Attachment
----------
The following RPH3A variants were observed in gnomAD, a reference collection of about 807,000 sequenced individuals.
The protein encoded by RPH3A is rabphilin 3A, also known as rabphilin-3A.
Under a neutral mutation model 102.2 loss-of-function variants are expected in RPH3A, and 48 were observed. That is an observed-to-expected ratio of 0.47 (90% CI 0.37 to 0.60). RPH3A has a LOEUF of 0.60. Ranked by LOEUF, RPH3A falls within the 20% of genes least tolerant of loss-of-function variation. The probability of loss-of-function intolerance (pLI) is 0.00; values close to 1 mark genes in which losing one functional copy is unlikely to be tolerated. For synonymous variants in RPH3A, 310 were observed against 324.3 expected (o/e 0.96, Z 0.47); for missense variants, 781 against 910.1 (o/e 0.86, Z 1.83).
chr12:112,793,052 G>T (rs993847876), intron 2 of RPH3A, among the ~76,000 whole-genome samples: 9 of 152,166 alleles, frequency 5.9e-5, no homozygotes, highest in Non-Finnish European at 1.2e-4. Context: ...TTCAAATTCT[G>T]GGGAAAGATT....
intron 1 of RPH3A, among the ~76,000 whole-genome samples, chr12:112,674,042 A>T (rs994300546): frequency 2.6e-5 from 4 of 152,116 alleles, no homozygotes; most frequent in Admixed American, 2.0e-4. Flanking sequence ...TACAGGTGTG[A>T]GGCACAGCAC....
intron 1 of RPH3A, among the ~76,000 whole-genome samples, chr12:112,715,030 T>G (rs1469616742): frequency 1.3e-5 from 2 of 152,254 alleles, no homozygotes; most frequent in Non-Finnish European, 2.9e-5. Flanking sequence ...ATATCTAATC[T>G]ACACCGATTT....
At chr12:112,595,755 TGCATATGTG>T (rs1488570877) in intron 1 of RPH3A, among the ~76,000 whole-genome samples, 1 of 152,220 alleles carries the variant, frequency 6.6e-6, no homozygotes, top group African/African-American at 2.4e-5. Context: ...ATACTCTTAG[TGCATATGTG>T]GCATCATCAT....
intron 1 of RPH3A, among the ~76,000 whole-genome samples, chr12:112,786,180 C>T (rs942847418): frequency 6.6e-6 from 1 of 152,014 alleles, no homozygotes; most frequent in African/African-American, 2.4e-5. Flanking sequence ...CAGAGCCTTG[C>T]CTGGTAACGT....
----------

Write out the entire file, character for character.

The following RPH3A variants were observed in gnomAD, a reference collection of about 807,000 sequenced individuals.
The protein encoded by RPH3A is rabphilin 3A, also known as rabphilin-3A.
Under a neutral mutation model 102.2 loss-of-function variants are expected in RPH3A, and 48 were observed. That is an observed-to-expected ratio of 0.47 (90% CI 0.37 to 0.60). RPH3A has a LOEUF of 0.60. Ranked by LOEUF, RPH3A falls within the 20% of genes least tolerant of loss-of-function variation. The probability of loss-of-function intolerance (pLI) is 0.00; values close to 1 mark genes in which losing one functional copy is unlikely to be tolerated. For synonymous variants in RPH3A, 310 were observed against 324.3 expected (o/e 0.96, Z 0.47); for missense variants, 781 against 910.1 (o/e 0.86, Z 1.83).
chr12:112,793,052 G>T (rs993847876), intron 2 of RPH3A, among the ~76,000 whole-genome samples: 9 of 152,166 alleles, frequency 5.9e-5, no homozygotes, highest in Non-Finnish European at 1.2e-4. Context: ...TTCAAATTCT[G>T]GGGAAAGATT....
intron 1 of RPH3A, among the ~76,000 whole-genome samples, chr12:112,674,042 A>T (rs994300546): frequency 2.6e-5 from 4 of 152,116 alleles, no homozygotes; most frequent in Admixed American, 2.0e-4. Flanking sequence ...TACAGGTGTG[A>T]GGCACAGCAC....
intron 1 of RPH3A, among the ~76,000 whole-genome samples, chr12:112,715,030 T>G (rs1469616742): frequency 1.3e-5 from 2 of 152,254 alleles, no homozygotes; most frequent in Non-Finnish European, 2.9e-5. Flanking sequence ...ATATCTAATC[T>G]ACACCGATTT....
At chr12:112,595,755 TGCATATGTG>T (rs1488570877) in intron 1 of RPH3A, among the ~76,000 whole-genome samples, 1 of 152,220 alleles carries the variant, frequency 6.6e-6, no homozygotes, top group African/African-American at 2.4e-5. Context: ...ATACTCTTAG[TGCATATGTG>T]GCATCATCAT....
intron 1 of RPH3A, among the ~76,000 whole-genome samples, chr12:112,786,180 C>T (rs942847418): frequency 6.6e-6 from 1 of 152,014 alleles, no homozygotes; most frequent in African/African-American, 2.4e-5. Flanking sequence ...CAGAGCCTTG[C>T]CTGGTAACGT....